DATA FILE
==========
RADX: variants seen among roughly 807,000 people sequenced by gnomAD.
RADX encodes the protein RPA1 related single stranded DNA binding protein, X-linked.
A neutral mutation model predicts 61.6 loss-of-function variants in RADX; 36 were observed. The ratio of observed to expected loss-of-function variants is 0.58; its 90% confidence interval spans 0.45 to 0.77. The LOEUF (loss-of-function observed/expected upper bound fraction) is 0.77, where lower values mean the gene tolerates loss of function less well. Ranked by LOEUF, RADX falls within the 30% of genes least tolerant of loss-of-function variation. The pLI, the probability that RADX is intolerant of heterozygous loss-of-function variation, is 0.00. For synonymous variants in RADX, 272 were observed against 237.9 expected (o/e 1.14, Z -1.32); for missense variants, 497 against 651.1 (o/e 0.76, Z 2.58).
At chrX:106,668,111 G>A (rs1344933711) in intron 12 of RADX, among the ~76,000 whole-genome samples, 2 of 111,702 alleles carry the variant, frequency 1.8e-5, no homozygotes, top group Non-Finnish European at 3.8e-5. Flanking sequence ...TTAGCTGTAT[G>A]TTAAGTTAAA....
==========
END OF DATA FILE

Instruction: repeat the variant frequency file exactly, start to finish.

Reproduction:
RADX: variants seen among roughly 807,000 people sequenced by gnomAD.
RADX encodes the protein RPA1 related single stranded DNA binding protein, X-linked.
A neutral mutation model predicts 61.6 loss-of-function variants in RADX; 36 were observed. The ratio of observed to expected loss-of-function variants is 0.58; its 90% confidence interval spans 0.45 to 0.77. The LOEUF (loss-of-function observed/expected upper bound fraction) is 0.77, where lower values mean the gene tolerates loss of function less well. Ranked by LOEUF, RADX falls within the 30% of genes least tolerant of loss-of-function variation. The pLI, the probability that RADX is intolerant of heterozygous loss-of-function variation, is 0.00. For synonymous variants in RADX, 272 were observed against 237.9 expected (o/e 1.14, Z -1.32); for missense variants, 497 against 651.1 (o/e 0.76, Z 2.58).
At chrX:106,668,111 G>A (rs1344933711) in intron 12 of RADX, among the ~76,000 whole-genome samples, 2 of 111,702 alleles carry the variant, frequency 1.8e-5, no homozygotes, top group Non-Finnish European at 3.8e-5. Flanking sequence ...TTAGCTGTAT[G>A]TTAAGTTAAA....